Brazilian troops and police launched on Saturday an operation against gangs in the slums in Rio de Janeiro in an attempt to crackdown on mounting crime.
Their main goal was to stop gangs behind a surge in brazen robberies of commercial trucks.
Five favelas were targeted by the heavily-armed combined forces in a swoop that started in the small hours, the Rio state security service said in a statement.
Officials said the favelas were Lins, Camarista Meier, Morros de Sao Joao and Engenho Novo in the north and Covanca in the west.
Brazil’s Globo television showed footage of soldiers in camouflage searching residents in the favelas and driving down streets in armored personnel carriers.
“The armed forces are responsible for the perimeters in some of these regions and based at strategic points,” the state security service said. “Some roads are blocked and the airspace is restricted to civilian flights over the sectors where the armed forces are operating.”
Rio’s airports, however, were not affected.
Official data shows murders in Rio de Janeiro state rose 14 percent to 3,755 in the first half of 2017 from a year earlier. The number of people killed by Rio’s police, long criticized for their tactics, spiked more than 45 percent to 581.
The big crackdown on Rio’s heavily armed criminal gangs came exactly a year after President Michel Temer opened the Olympics.
Rio was the first South American city to host the Games and although the event passed off smoothly, a mixture of corruption scandals, near collapse in the budget and crime has combined into a serious hangover for what should be one of Brazil’s richest regions.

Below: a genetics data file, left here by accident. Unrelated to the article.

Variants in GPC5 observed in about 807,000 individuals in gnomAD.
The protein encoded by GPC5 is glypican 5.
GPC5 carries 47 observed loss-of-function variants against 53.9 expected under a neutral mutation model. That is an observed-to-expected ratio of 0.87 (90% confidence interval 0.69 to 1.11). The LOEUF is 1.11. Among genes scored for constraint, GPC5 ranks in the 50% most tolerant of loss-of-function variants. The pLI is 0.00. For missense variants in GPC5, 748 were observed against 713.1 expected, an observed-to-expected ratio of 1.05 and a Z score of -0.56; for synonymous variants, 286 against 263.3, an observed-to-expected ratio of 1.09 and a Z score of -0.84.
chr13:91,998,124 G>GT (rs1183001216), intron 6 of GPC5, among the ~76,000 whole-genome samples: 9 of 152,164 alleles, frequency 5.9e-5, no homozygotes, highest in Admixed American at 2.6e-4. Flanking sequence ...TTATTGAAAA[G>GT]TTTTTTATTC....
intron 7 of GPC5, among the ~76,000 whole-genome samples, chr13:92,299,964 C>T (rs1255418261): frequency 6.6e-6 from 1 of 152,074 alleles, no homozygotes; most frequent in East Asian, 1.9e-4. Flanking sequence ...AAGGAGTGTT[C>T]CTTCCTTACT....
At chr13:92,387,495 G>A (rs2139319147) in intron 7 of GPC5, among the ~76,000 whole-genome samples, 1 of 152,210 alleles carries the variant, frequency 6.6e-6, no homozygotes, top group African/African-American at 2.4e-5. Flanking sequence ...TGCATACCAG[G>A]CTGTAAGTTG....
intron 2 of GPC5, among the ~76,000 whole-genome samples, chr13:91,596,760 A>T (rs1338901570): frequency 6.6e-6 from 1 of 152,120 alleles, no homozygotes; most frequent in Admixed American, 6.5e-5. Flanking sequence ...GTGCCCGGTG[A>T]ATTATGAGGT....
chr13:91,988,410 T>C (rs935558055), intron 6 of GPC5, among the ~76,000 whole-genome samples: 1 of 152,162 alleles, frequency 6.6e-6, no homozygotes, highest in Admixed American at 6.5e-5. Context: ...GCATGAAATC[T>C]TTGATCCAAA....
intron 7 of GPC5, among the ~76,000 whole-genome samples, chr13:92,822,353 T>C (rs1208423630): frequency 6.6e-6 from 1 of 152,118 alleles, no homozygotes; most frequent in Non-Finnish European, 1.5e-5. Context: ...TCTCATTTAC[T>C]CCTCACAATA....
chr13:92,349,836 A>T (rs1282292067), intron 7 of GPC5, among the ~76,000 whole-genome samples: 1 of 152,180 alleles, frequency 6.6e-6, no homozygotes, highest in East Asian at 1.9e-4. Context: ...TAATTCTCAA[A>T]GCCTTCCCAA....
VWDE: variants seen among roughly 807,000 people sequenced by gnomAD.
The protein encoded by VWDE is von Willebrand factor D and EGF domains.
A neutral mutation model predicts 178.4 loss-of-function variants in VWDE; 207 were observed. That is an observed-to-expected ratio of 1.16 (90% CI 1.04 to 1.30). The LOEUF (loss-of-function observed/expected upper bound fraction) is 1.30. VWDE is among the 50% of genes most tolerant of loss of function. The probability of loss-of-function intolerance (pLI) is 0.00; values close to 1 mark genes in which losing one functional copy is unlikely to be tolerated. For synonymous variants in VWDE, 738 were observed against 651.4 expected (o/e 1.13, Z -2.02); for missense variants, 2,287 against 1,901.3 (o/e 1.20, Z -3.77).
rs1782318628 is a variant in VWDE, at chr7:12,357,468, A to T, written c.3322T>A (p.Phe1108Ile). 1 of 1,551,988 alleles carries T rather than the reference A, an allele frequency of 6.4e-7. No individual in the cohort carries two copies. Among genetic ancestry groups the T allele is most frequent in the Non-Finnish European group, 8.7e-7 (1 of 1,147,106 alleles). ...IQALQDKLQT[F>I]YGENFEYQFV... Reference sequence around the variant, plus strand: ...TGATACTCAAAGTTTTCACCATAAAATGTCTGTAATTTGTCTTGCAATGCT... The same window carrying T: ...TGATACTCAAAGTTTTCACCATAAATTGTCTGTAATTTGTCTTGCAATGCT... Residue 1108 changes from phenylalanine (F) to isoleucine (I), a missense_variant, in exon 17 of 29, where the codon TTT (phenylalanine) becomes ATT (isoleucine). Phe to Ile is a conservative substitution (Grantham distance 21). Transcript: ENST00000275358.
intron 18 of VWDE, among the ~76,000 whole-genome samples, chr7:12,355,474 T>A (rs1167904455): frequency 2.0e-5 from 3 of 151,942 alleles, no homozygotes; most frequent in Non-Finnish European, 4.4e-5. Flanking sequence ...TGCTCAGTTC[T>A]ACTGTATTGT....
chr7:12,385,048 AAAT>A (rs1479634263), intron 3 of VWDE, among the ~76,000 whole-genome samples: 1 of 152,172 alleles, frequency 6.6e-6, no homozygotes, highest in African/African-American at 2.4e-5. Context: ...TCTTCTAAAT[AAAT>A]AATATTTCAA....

Escalating violence, fueled by a deep economic crisis and a shrinking state budget, shows how far Rio has fallen since international athletes flocked to its stadiums, many now vacant, in August 2016. Growing allegations of graft involving Olympic projects are also tarnishing memories of the Games.
“We see clearly that the Olympic promise of a safe city has not been fulfilled,” Amnesty International research coordinator Renata Neder said at an event on Thursday. “Public safety in Rio de Janeiro has deteriorated dramatically.”
The situation is a stark reversal of gains made after police began a “pacification” program in 2008 for some of the city’s more than 1,000 slums.
Police pushed drug gangs out of those favelas, where they held sway with impunity for decades, and then set up permanent posts in the communities for the first time.
That program was meant to increase security in Rio ahead of the 2014 World Cup and last year’s Olympics, and it temporarily succeeded in doing that.
But the economic crisis dried up funding to expand the program, and critics say the government did not make good on promised social advances for the slums. As a result, near-daily shootouts roil the areas as gangs battle each other and openly attack the police outposts to try to regain full control.
The Hospital da Posse on Rio’s violent northern outskirts has treated 410 patients for bullet wounds so far this year, compared with 480 for all of 2016, surgeon Alessandry Bastos said.
“This thing is growing in such a way that we can never say we’ve reached the peak,” Bastos said. “The peak will be tomorrow.”
The situation is unlikely to improve anytime soon, with Rio state facing a 21-billion-real ($6.73 billion) deficit this year.